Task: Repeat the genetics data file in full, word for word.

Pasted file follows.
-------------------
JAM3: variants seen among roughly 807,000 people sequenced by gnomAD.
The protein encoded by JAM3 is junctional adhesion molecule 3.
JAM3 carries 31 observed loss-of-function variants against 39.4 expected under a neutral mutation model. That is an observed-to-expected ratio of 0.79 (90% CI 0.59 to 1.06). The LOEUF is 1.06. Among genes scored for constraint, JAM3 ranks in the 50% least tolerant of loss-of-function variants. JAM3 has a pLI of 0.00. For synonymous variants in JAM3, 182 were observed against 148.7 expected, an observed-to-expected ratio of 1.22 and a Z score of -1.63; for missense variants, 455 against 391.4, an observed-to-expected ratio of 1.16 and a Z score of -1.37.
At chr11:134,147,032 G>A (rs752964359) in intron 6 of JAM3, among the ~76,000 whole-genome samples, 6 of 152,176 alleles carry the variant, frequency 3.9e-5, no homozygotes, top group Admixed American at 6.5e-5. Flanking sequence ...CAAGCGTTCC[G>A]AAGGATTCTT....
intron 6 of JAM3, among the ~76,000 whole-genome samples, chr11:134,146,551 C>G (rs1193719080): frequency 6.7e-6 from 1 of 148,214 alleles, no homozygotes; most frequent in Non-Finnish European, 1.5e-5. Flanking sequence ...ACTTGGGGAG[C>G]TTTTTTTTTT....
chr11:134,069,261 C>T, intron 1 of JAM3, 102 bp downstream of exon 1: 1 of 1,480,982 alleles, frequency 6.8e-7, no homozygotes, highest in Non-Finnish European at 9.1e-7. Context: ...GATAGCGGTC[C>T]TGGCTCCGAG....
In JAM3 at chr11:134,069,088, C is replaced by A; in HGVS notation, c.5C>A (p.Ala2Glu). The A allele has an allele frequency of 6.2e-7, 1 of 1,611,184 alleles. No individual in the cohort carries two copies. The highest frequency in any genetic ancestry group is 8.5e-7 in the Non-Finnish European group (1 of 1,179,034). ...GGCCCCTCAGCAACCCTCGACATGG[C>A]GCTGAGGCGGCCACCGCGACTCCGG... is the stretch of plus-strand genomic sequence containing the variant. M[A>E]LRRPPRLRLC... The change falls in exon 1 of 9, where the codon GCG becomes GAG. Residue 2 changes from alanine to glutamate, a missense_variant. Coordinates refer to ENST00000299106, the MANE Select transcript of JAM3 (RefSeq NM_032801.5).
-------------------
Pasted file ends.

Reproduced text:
JAM3: variants seen among roughly 807,000 people sequenced by gnomAD.
The protein encoded by JAM3 is junctional adhesion molecule 3.
JAM3 carries 31 observed loss-of-function variants against 39.4 expected under a neutral mutation model. That is an observed-to-expected ratio of 0.79 (90% CI 0.59 to 1.06). The LOEUF is 1.06. Among genes scored for constraint, JAM3 ranks in the 50% least tolerant of loss-of-function variants. JAM3 has a pLI of 0.00. For synonymous variants in JAM3, 182 were observed against 148.7 expected, an observed-to-expected ratio of 1.22 and a Z score of -1.63; for missense variants, 455 against 391.4, an observed-to-expected ratio of 1.16 and a Z score of -1.37.
At chr11:134,147,032 G>A (rs752964359) in intron 6 of JAM3, among the ~76,000 whole-genome samples, 6 of 152,176 alleles carry the variant, frequency 3.9e-5, no homozygotes, top group Admixed American at 6.5e-5. Flanking sequence ...CAAGCGTTCC[G>A]AAGGATTCTT....
intron 6 of JAM3, among the ~76,000 whole-genome samples, chr11:134,146,551 C>G (rs1193719080): frequency 6.7e-6 from 1 of 148,214 alleles, no homozygotes; most frequent in Non-Finnish European, 1.5e-5. Flanking sequence ...ACTTGGGGAG[C>G]TTTTTTTTTT....
chr11:134,069,261 C>T, intron 1 of JAM3, 102 bp downstream of exon 1: 1 of 1,480,982 alleles, frequency 6.8e-7, no homozygotes, highest in Non-Finnish European at 9.1e-7. Context: ...GATAGCGGTC[C>T]TGGCTCCGAG....
In JAM3 at chr11:134,069,088, C is replaced by A; in HGVS notation, c.5C>A (p.Ala2Glu). The A allele has an allele frequency of 6.2e-7, 1 of 1,611,184 alleles. No individual in the cohort carries two copies. The highest frequency in any genetic ancestry group is 8.5e-7 in the Non-Finnish European group (1 of 1,179,034). ...GGCCCCTCAGCAACCCTCGACATGG[C>A]GCTGAGGCGGCCACCGCGACTCCGG... is the stretch of plus-strand genomic sequence containing the variant. M[A>E]LRRPPRLRLC... The change falls in exon 1 of 9, where the codon GCG becomes GAG. Residue 2 changes from alanine to glutamate, a missense_variant. Coordinates refer to ENST00000299106, the MANE Select transcript of JAM3 (RefSeq NM_032801.5).